• NEPA participation requirements, and Equal Justice Executive Order 12898: Federal Executive Order (EO) 12898 (1994), Federal Actions to Address Environmental Justice in Minority Populations and Low-Income Populations, requires Federal agencies to make environmental justice part of their mission and to develop environmental justice strategies.

• Title VI of the Civil Rights Act of 1964 provides: “No Person in the United States shall, on the ground of race, color, or national origin, be excluded from participation in, be denied the benefits of, or be subjected to discrimination under any program or activity receiving Federal financial assistance.”

• California Government Code section 11135 (a) and implementing regulations in the California Code of Regulations Title 22 Sections 98211 (c) and 98100. Government Code 11135(a) provides: “No person in the State of California shall, on the basis of race, national origin, ethnic group identification, religion, age, sex, sexual orientation, color, genetic information, or disability, be unlawfully denied full and equal access to the benefits of, or be unlawfully subjected to discrimination under, any program or activity that is conducted, operated, or administered by the state or by any state agency, is funded directly by the state, or receives any financial assistance from the state.”

• The Dymally-Alatorre Bilingual Services Act—Government Code Sections 7290-7299.8 which requires that, when state and local agencies serve a “substantial number of non-English- speaking people,” they must among other things translate documents explaining available services into their clients’ languages.

Not only does the Brown administration violate the civil rights of non-English speakers, but the BDCP process violates the UN Declaration on the Rights of Indigeous Peoples and numerous state and federal laws protecting California's indigenous nations.

"The Delta Tunnel plan violates the Declaration of Indigenous Peoples Rights!" said Caleen Sisk, Chief and Spiritual Leader of the Winnemem Wintu Tribe. "These twin tunnels will kill the largest Estuary that keeps California….CALIFORNIA! When that happens it will bring changes no one can imagine right now….it will as Mother Nature wants."

To read the letter from the groups charging civil rights violations, go to:

Comments  (Hide Comments)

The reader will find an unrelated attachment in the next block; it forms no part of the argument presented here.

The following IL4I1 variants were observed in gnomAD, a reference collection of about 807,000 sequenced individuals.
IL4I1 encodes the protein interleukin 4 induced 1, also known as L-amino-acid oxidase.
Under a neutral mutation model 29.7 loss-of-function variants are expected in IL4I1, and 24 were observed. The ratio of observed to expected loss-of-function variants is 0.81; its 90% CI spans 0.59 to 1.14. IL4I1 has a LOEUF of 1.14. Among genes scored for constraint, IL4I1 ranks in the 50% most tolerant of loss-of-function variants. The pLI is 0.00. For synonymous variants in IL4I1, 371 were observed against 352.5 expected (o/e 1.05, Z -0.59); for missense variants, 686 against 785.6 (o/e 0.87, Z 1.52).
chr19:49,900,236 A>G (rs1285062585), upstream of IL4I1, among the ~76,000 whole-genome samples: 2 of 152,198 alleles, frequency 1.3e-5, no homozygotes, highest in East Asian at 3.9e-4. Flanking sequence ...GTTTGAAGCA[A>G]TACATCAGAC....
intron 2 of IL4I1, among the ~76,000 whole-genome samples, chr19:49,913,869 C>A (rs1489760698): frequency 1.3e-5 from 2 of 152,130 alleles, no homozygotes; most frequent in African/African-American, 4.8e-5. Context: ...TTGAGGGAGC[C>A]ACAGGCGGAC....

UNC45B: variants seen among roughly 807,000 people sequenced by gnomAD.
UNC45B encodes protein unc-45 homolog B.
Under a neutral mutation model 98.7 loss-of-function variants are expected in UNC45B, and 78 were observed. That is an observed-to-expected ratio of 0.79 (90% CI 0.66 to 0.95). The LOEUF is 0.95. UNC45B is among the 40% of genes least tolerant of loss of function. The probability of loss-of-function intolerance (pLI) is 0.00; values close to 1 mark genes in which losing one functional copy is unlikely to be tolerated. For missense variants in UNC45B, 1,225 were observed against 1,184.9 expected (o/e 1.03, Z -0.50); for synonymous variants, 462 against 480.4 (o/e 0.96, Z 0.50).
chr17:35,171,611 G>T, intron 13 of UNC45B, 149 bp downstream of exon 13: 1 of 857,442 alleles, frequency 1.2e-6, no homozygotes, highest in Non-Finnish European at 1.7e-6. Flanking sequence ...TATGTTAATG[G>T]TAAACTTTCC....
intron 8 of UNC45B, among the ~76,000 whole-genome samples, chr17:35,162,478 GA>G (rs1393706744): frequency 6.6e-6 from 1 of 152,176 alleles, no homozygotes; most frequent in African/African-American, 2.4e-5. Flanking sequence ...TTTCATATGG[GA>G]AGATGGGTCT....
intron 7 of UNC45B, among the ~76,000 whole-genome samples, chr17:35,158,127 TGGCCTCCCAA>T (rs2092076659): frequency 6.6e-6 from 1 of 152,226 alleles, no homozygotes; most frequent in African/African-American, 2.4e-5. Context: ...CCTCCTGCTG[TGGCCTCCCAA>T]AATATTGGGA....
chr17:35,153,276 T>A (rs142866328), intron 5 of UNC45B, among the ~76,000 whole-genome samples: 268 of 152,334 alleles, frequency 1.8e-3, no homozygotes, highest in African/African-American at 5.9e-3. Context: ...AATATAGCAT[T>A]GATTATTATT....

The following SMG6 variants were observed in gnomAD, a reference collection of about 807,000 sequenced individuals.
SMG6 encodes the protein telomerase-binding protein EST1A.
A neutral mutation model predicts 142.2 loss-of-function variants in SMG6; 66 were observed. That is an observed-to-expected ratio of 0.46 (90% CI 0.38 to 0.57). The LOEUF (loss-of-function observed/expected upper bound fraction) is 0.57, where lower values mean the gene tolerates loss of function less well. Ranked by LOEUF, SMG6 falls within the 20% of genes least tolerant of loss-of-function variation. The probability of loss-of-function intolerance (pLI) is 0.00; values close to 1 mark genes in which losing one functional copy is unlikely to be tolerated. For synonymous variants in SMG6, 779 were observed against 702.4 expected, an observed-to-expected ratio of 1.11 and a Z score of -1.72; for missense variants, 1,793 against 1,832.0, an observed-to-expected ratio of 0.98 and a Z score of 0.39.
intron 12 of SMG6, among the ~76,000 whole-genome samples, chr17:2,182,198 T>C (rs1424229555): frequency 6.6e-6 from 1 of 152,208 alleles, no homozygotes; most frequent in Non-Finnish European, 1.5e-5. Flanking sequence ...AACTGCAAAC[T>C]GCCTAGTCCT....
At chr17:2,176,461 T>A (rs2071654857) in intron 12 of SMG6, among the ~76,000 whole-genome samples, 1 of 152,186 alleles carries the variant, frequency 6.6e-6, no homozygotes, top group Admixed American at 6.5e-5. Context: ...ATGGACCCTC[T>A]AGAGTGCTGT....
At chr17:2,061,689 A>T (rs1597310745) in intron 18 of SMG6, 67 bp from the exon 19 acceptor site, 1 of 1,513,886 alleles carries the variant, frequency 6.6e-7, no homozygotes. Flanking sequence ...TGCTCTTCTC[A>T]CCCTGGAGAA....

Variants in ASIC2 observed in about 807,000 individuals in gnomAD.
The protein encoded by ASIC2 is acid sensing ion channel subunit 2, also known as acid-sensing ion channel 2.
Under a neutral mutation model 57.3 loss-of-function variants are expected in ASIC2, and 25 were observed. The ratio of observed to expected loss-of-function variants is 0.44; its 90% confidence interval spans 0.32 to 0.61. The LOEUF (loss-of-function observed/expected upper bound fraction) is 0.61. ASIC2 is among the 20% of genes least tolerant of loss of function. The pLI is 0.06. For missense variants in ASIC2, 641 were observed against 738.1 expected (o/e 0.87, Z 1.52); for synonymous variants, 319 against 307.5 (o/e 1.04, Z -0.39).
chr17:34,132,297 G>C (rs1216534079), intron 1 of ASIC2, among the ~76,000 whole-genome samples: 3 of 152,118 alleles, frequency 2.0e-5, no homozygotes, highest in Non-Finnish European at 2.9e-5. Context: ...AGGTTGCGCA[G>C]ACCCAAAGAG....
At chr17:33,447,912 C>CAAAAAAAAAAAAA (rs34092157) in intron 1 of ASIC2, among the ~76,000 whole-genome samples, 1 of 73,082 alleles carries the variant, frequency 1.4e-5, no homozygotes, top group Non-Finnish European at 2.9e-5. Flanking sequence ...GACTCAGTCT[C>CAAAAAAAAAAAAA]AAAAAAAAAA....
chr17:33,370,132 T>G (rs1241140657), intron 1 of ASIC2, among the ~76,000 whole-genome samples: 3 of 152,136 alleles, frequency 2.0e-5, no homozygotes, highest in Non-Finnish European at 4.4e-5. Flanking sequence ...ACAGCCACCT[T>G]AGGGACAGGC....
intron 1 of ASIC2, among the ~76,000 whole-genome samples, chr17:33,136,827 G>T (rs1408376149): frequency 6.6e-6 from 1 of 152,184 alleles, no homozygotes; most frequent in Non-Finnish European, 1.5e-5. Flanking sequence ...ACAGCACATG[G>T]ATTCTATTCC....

I think someone who doesn't speak English should sit on that 800# and have every last page read to them in their native language! THEN they can ask all the questions they'd like, in their native tongue...more than one way to skin a pole cat.
by Beeline
Friday Jun 6th, 2014 10:47 PM
Considering what Los Angeles did to the Owens Valley could anyone really expect fair play from an obviously scheming bureaucracy? In gross terms 75% of the people in California live south of Sacramento and a little over 21 million of them live in the southern most counties. About 75% of the water in California falls north of Sacramento. The L.A. basin gets 40% of its supply from ground water sources but has to import 60%. They forecast an increase in population of 5.6 million people by 2030 and they want to increase job opportunities and development which is ecologically insane but who pays any attention to ecologists these days. The south wants the water in the north very badly and I have no doubt that if they get what they want they will not shed any tears when the north turns into a desert.

Kind of ironic. Turning the southern desert into a sub-alpine meadow land and turning the northern area into a desert. Not a good trade for the north.

20 years ago the northern folks got really active and pissed off about sending more water south. Now they don't seem to care much and neither do the state representatives who parrot the conservative propaganda about fish versus people.

It is also ironic that the closest small water district to the source up north (Clear Creek Water District near Whiskey Town Lake) has had its water supply (CVP) cut severely even though Whiskey Town and Lewiston Lakes were at nearly 100% of their average levels a few weeks ago. I also hear that a lot of businesses are closing down in Redding. It does not look good at all.

So it seems that both the federal government and state government don't mind sacrificing the fisheries, the last of the Wintu culture, and the north state itself if it serves their corporate buddies down south.

At the least Governor Brown should be recalled and Obama should be asked to resign but it seems that the will of the northern folks has evaporated just like the water.
by CEQA/NEPA Practitioner
Saturday Jun 7th, 2014 4:40 PM
Environmental documents are not translated into other languages. In over 26 years of preparing environmental compliance documents and reviewing several thousand documents prepared by others in California I have yet to see a translated document. However, it is not unusual to provide public notices, fact sheets and public hearing materials in other languages. There is NO legal requirement in either CEQA or NEPA statute or regulations, or the EJ rules to provide any translated materials at all. Lead agencies may chose to do so.